“’Helmet, helmet!’ squealed my daughter, excitedly. I followed behind as she ran to the back door, ready to start the day. The bike ride to her daycare center had become our shared morning ritual, a ritual that I had started long before she entered the world 16 months ago. The bike ride to the research laboratory or hospital had become one of the most cherished parts of my days. The ride gave me time to reflect on the day ahead and to be present. Now it is something that my daughter has come to love as much as I do.
I watched my daughter run inside and then hopped back on my bicycle, heading to the hospital on my first day as a third-year medical student. To say I was nervous was an understatement. I timidly found the neurology resident in the crowded work room. Together with another medical student, resident, and attending physician, we made up the team that treated patients who had been admitted with strokes. The senior resident told me I would be caring for JoAnne, a 92-year-old woman with a left posterior circulation stroke, resulting in almost complete loss of movement, sensation, and pain in the right side of her body.
As a medical student, I was expected to perform a full neurologic examination on this patient in the presence of the entire stroke team. Because I had just been thrust into the medical school clinical period after 4 years of working on my PhD thesis in a basic science laboratory, my confidence in my clinical skills was meager. I internally recited the neurologic examination as I trotted to JoAnne’s room followed by the rest of the team and the patient’s nurse. Am I sweating? What’s the first part of the neuro exam again? I walked in to find a small, frail-appearing woman lying on the bed. She looked somber with glassy blue eyes staring off into the distance. I introduced myself as the third-year medical student who would be taking care of her. She turned to me and gave me the smallest nod. Was that a smile? I started the examination with what I knew best, the cranial nerves. I watched her eyes move slowly from side to side and then up and down. Did I see neglect of the right side? Now to the deep tendon reflexes. As I swung the reflex hammer and met her biceps tendon, she winced in pain. Should I keep going or should I stop? I needed the information… right? I stopped with the reflex hammer in mid-air and looked to my attending physician for an answer as I cut the reflex examination short.”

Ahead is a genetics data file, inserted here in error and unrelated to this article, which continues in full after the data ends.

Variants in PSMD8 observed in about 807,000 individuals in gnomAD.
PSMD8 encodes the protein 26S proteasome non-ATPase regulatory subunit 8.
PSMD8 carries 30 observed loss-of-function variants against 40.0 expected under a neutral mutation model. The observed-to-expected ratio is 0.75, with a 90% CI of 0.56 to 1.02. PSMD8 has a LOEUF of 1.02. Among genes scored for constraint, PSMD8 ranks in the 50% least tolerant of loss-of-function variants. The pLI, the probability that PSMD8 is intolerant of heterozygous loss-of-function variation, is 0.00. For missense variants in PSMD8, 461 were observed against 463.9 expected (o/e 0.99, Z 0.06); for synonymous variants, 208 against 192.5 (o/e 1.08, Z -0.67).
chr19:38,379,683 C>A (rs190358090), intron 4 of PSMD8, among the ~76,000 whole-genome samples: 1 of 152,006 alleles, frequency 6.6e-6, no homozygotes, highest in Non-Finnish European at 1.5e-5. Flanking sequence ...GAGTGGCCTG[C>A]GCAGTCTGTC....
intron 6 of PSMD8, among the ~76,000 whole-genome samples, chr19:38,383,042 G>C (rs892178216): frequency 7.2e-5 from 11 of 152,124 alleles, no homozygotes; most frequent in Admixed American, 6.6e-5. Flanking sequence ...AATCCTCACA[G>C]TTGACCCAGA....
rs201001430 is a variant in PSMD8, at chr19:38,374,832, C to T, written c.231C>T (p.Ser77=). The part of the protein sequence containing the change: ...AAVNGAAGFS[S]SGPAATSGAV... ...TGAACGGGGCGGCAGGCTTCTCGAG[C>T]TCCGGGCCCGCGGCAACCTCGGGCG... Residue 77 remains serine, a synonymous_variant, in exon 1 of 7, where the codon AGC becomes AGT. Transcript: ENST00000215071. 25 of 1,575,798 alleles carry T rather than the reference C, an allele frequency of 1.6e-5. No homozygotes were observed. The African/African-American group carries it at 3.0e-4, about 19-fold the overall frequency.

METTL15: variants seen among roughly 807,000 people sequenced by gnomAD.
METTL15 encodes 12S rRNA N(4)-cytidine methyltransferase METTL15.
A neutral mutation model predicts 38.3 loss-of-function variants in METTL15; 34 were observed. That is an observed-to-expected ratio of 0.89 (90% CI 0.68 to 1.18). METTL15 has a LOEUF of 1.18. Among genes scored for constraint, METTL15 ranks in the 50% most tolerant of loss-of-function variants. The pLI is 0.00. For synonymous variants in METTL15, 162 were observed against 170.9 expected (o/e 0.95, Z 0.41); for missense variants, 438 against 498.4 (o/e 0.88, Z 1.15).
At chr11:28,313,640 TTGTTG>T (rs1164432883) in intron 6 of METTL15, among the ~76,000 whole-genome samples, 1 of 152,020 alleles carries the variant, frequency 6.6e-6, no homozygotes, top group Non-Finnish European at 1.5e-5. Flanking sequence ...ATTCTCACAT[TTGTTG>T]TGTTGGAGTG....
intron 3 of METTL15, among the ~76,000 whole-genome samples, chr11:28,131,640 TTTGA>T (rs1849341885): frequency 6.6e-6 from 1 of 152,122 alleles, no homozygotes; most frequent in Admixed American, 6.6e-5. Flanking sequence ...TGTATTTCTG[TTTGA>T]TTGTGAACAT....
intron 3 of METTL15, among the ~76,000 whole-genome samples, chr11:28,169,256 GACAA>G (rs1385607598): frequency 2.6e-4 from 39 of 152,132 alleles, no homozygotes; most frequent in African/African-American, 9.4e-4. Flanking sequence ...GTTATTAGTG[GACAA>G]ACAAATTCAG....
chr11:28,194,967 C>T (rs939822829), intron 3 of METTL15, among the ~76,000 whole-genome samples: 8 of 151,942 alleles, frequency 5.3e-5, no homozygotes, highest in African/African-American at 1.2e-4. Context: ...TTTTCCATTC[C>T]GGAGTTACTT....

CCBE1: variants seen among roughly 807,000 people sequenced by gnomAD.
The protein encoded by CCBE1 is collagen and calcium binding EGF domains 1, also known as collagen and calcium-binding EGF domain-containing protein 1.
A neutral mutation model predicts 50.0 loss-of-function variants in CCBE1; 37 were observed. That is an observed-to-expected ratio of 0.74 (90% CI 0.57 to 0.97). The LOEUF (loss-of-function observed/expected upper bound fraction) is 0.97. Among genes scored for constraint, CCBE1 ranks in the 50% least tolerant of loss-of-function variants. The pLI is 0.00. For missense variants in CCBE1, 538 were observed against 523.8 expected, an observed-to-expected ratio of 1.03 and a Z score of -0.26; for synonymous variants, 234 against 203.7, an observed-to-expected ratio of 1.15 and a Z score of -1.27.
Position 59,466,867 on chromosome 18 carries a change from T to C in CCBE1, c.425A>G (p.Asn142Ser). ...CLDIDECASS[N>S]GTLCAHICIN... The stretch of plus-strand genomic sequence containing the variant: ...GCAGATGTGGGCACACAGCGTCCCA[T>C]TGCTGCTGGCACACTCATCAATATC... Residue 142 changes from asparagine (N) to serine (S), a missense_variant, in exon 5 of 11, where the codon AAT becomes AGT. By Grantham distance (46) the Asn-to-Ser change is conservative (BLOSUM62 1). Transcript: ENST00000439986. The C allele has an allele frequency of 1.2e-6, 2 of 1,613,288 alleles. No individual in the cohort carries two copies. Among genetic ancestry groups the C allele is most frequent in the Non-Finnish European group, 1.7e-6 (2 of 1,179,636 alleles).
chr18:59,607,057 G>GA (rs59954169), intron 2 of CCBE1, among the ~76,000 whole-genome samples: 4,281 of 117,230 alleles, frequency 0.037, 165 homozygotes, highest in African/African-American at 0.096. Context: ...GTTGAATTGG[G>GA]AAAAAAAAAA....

Read more on Role Reversal via JAMA A Piece of My Mind.